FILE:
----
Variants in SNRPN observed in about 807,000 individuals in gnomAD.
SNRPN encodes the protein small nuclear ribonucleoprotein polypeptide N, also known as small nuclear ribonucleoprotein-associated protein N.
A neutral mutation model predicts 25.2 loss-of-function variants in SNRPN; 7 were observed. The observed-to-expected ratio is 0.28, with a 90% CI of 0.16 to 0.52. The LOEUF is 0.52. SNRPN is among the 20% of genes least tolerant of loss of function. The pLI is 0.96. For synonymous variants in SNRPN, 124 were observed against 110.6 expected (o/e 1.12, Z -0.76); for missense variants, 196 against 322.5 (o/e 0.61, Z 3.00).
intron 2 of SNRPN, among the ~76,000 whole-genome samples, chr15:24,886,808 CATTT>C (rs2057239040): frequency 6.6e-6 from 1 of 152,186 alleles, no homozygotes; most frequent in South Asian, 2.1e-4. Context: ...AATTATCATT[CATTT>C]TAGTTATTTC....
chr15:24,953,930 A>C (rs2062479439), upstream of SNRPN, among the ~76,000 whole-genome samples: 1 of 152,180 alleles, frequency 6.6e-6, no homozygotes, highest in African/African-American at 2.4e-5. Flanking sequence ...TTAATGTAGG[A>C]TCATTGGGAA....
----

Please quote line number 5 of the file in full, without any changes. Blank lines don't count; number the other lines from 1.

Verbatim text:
chr15:24,953,930 A>C (rs2062479439), upstream of SNRPN, among the ~76,000 whole-genome samples: 1 of 152,180 alleles, frequency 6.6e-6, no homozygotes, highest in African/African-American at 2.4e-5. Flanking sequence ...TTAATGTAGG[A>C]TCATTGGGAA....